Mubarak, on the other hand, wisely left the institution of Islam largely unmolested. While he orchestrated varying degrees of oppression of the MB, piety itself was generally not under assault. Thus the desire for the restoration of Islam is not a factor in Egypt today. In fact, while many Egyptians self-identify as pious Muslims, there is little popular support for an Islamic theocracy.
As alluded to above, Khomeini’s crafting of the Iranian constitution gave him wide-ranging powers to control the electoral field in future elections. In particular, the jurisprudential concept of velayat-e faqih, having a clerical “guardian” with the power to ensure that the government and its laws do not violate the principles of Islam, allowed the Supreme Leader to act as the gatekeeper for virtually every form of political participation. This led first to marginalization of the political left and later to the centrists. Moreover, it provided a virtual guarantee that even if the liberal faction assumed leadership (as under Khatami from 1997 to 2005), any reform that threatened the clerical monopoly of power would be dead on arrival.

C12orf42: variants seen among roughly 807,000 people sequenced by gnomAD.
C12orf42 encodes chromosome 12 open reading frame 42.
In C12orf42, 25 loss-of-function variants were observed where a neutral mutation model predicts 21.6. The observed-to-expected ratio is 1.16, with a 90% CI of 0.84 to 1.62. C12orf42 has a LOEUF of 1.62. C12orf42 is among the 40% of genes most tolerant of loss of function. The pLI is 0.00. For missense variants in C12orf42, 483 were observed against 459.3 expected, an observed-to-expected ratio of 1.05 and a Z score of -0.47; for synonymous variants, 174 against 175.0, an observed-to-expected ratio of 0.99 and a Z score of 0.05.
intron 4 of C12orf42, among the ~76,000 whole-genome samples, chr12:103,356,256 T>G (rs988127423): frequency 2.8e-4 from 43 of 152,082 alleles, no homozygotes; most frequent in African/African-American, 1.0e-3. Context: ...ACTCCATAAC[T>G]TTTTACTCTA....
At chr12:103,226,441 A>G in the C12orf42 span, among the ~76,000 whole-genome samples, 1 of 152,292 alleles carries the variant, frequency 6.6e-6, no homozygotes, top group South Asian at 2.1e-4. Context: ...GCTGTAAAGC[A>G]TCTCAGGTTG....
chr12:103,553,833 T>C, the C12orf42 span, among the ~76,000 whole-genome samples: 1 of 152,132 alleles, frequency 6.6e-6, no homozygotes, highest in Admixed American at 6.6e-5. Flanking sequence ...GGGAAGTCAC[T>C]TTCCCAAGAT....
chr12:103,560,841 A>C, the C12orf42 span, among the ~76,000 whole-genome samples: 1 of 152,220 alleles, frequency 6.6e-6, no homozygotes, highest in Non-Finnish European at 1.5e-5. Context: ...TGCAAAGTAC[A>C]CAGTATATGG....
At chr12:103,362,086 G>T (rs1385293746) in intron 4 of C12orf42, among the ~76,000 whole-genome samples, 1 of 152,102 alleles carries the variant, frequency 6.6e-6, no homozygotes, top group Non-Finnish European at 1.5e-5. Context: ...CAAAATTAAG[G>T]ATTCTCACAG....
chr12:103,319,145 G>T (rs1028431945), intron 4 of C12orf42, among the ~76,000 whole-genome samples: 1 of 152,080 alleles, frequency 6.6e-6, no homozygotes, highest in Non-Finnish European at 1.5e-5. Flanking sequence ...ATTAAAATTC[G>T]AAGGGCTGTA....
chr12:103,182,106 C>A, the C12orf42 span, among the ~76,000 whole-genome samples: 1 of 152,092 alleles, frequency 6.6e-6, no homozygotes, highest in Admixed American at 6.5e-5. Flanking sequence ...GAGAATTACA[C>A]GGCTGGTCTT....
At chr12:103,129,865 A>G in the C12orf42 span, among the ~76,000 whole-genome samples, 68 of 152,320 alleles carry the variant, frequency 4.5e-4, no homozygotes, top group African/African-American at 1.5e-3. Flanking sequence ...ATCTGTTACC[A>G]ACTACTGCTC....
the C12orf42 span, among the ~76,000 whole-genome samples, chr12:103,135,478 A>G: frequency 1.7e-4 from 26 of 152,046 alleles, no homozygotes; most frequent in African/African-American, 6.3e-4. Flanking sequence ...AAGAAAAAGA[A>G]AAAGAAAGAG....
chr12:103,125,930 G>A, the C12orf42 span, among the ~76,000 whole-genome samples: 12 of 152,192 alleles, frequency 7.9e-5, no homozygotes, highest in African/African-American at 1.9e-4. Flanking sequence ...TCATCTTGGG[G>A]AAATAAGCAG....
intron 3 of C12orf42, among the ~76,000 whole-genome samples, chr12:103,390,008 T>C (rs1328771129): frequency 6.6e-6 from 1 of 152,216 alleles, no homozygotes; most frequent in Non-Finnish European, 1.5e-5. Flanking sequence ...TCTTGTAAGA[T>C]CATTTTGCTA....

This will not happen in Egypt. For one thing, there is no mainstream Sunni equivalent to velayat-e faqih. With the further absence of an MB President or Parliamentary majority in the critical formative period of the new Egyptian government, the likelihood of the structural institutionalization of clerical authority is further diminished. This is particularly relevant given the new constitutional requirement for Parliament, after the elections, to select a commission to draft an entirely new constitution. Moreover, due to the pluralistic nature of Sunni jurisprudence, it is unclear what such an authority would look like, even if, by some miracle, it were implemented.